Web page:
Data science has entered the chat.

Customer segmentation

Data science can separate your customers into segments based on specific characteristics. With your customers uniformly split into different groups you can identify which group is most valuable and then identify how to keep the members of that group coming back time and again.

So how does it work?

By tracking events throughout your entire website you can build a comprehensive record of your customers’ journeys. Conversions, cart abandonment, clicks, drop-off points, average number of sessions before purchase, all of this and more can be tracked through your website.

To the human eye this results in a jumbled, unstructured spreadsheet of numbers. But by building an AI algorithm, data scientists can extract clear patterns from the chaos in a matter of seconds.

Let’s take a super simple example:

  • Say 100% of your customers each buy 4 products. There’s no distinction to be made on the number of products purchased. So any AI here would not use the variable "amount of products purchased".
  • However, if 50% of those customers purchased during the weekend and the other 50% during the workweek, there’s a clear distinction here. So the AI will use "day of purchase" to create 2 distinct groups.

The real world scenarios are far more complicated than this, but hopefully you get the idea of how it works. The AI looks for customer patterns and characteristics that can separate them into uniform groups.

With the groups established it’s then possible to identify which is most valuable to your business. Without getting too technical here, data scientists will enrich customer segments with both internal and external data sets. From here they can calculate how much money is lost each time a customer from each group abandons a purchase and subsequently identify which group has the biggest growth leverage.

The customers with the biggest growth leverage are the ones you want to retain as often as possible. This is what the more successful businesses have been doing throughout the coronavirus pandemic, as customer acquisition costs have gone through the roof.

It’s far more cost efficient to introduce data science into your e-commerce strategy, identify which existing customers are bringing in the most money and then optimise to retain those customers, than do battle with the big businesses to continually acquire fresh customers.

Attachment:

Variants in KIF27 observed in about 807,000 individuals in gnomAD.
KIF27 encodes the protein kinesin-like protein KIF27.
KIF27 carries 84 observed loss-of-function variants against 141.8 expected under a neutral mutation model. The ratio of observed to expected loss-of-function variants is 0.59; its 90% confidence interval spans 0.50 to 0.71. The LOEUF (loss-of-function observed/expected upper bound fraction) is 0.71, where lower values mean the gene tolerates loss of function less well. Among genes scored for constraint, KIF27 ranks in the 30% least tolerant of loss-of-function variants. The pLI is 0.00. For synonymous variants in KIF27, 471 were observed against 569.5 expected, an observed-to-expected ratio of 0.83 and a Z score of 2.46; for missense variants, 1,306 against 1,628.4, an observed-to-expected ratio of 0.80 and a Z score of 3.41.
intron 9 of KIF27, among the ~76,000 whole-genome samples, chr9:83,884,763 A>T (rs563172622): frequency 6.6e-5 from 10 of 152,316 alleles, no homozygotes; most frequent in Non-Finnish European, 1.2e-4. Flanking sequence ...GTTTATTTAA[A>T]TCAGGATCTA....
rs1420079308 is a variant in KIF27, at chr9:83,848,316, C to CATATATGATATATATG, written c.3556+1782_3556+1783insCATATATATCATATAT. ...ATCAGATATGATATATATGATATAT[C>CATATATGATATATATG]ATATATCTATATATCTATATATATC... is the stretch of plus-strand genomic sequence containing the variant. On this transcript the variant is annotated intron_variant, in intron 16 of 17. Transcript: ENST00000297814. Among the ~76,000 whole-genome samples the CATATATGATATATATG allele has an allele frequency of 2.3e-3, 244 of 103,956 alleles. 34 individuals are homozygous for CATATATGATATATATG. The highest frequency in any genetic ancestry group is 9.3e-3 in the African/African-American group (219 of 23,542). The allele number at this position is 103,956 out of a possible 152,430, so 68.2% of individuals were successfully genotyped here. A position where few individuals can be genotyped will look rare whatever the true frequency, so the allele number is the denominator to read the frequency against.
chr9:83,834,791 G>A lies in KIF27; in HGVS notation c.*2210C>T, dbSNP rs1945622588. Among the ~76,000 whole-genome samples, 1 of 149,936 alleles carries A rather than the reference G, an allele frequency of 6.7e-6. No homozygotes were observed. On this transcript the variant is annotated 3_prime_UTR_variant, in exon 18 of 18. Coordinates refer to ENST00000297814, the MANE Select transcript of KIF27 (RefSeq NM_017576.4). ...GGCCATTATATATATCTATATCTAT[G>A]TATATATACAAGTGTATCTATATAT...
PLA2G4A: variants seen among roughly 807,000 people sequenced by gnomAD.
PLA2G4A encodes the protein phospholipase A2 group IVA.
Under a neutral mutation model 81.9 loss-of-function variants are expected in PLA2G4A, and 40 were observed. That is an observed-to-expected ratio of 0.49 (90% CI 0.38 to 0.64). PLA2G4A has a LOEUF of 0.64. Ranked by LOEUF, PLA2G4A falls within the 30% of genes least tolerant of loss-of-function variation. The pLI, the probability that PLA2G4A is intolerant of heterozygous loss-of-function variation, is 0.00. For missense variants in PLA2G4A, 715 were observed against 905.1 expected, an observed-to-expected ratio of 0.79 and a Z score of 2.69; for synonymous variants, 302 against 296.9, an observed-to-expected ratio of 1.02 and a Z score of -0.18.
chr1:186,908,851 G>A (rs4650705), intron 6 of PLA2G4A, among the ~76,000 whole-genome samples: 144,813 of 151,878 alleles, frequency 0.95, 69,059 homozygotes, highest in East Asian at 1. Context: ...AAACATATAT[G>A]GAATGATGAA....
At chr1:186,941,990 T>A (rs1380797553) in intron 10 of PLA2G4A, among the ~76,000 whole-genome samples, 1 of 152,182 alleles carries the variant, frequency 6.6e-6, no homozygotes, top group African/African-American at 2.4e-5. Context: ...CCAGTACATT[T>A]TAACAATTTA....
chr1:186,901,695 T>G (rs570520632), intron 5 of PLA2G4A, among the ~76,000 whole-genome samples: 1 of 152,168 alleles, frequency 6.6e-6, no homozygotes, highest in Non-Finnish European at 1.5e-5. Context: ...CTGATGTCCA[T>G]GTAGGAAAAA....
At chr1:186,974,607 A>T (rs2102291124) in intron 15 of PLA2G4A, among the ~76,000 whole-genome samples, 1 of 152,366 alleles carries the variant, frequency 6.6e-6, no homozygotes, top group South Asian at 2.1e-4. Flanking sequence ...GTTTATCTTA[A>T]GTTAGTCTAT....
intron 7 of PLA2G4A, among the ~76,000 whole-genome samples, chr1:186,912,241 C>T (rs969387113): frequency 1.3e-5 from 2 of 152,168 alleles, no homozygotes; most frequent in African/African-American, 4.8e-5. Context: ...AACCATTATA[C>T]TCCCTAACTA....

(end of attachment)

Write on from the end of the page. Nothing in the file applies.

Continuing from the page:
Store optimisation

Once you’ve identified your most valuable segment of customers, how do you optimise your store to improve their UX?

Luckily, if you’re using data science you have all the answers you need right in front of you. Every action a customer makes in your store represents a preference for something. Whether they make a purchase, leave your store without browsing or abandon their cart, all of the actions they make leading up to that point are a trail of preferences that you can read and act upon.

Which banners they click, how many drop-down menus they use, if they read blog posts, FAQs, or the returns policy - all of this tells you what encourages a customer to buy and what puts them off. Quite simply, with some technical data analysis you can identify all of the features that your most valuable customers expect in a store.

Then it’s up to you to make sure those features are in place. By building a store that matches your customers’ preferences as closely as possible, you’re far more likely to see them return again and again.

The D2C Summit 2021

To hear more about customer retention, store optimisation and data science in D2C e-commerce, join us on Nov 5 for the D2C Summit 2021!

Our third annual event will this year focus on the increasing significance of data science for successful growth in D2C e-commerce, with guest speakers from leading industry tools explaining how and why you should be using data today.

The D2C Summit 2021 proudly partners with Gorgias, Klarna, Klaviyo, Mollie, Shopify Plus, Sendcloud and Yotpo, all of whom will be sending representatives to deliver presentations and case studies that focus on data science, and growth through improved conversion rates and increased customer lifetime value.

The event is taking place in a hybrid format, both in-person in our wonderful home city of Amsterdam and live-streaming online. For more information on tickets and how you can join us digitally, sign up through the form at